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Knowing where and when nitrogen fixation is occurring will help scientists better quantify coastal waters' ability to absorb and store carbon dioxide and aid in future climate predictions.
"Past models suggested most nitrogen fixation occurred in the open ocean. We found the opposite: Rates are actually higher in coastal areas. They've just been mostly overlooked until now," said Nicolas Cassar, professor of biogeochemistry at Duke's Nicholas School of the Environment, who was senior author on the study.
Activity - Microbes - Diazotrophs - Waters - Study
Most of this overlooked activity is being driven by microbes known as cyanobacterial diazotrophs that live in coastal waters, the study shows.
The tiny organisms take in nitrogen gas (N2) and convert it into ammonia (NH3), a form of nitrogen that phytoplankton, the base of the marine food web, can use as food. This in turn fuels photosynthesis by the phytoplankton and the uptake of CO2.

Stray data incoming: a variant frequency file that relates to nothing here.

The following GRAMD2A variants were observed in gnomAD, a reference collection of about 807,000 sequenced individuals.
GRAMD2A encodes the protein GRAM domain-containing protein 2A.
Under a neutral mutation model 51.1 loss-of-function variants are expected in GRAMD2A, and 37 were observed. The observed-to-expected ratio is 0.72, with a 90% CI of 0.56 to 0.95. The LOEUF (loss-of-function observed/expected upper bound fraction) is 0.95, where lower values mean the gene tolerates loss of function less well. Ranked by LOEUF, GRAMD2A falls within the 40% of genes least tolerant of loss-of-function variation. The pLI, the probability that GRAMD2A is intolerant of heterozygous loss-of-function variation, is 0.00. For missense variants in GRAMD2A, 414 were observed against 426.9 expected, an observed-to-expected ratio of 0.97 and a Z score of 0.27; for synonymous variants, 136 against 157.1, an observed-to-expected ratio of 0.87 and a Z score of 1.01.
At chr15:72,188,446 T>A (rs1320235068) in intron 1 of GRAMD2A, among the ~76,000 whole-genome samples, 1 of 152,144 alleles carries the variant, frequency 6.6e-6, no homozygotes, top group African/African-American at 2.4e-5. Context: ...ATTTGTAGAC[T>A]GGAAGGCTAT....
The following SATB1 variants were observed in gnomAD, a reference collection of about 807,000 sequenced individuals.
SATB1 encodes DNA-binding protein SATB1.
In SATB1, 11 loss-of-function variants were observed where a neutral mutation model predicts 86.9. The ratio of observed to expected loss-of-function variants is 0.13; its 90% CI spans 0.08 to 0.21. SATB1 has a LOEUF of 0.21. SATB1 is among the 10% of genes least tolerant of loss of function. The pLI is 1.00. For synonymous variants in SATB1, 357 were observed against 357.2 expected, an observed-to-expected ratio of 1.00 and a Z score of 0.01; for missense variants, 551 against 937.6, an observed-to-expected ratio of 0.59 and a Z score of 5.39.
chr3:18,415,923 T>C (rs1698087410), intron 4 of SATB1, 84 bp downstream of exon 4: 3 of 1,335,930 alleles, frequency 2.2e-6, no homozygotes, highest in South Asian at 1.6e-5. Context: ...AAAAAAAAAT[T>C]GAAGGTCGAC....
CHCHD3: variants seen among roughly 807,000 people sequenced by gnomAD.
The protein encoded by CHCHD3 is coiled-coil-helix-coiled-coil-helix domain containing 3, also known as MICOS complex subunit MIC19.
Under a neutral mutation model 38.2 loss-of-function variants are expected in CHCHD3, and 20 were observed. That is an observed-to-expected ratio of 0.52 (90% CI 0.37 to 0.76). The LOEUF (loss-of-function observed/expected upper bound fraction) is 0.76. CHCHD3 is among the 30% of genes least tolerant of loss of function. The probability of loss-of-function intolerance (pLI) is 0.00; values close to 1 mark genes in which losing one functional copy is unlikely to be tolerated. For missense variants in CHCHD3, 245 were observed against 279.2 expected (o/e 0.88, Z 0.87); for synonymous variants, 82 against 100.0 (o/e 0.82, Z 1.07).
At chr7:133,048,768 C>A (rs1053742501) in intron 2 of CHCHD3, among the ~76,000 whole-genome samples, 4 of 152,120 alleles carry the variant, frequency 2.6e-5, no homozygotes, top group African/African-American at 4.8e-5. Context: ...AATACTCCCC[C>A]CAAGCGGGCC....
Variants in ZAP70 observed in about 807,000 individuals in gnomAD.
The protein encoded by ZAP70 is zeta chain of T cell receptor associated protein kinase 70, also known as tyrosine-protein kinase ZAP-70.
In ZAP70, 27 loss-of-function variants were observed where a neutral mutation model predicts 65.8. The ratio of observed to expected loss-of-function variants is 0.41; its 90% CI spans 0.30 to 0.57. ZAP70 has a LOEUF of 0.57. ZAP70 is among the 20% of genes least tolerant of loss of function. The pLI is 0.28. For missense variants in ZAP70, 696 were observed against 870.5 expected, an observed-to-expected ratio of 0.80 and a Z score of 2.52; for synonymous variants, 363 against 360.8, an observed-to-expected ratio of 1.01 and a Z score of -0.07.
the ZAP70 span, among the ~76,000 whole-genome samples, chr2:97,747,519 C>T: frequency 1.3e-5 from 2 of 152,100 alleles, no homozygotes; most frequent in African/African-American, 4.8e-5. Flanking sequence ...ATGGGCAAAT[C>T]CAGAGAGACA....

Distribution - Marine - N2 - Fixation - Role
"This means that we have to revisit the global distribution of marine N2 fixation and re-evaluate its role in the coastal carbon cycle," said Weiyi Tang, a Ph.D. student in Earth and Ocean Sciences at Duke's Nicholas School, who conducted the research as part of his doctoral dissertation.
Cassar and Tang published their peer-reviewed study Feb. 19 in Nature Communications.
Findings - Thousands - Seawater - Samples - Kilometers
Their findings are based on thousands of seawater samples collected from across 6,000 kilometers of the western North Atlantic during two 10-day research cruises in 2015 and 2016.
Collecting that unprecedented volume of data in such a short amount of time at sea was possible, Cassar explained, because his lab team has developed an instrument that allows them to do near-continuous real-time analysis of N2 fixation. They use a method called FARACAS, or flow-through incubation acetylene reduction assays by cavity ring-down laser...
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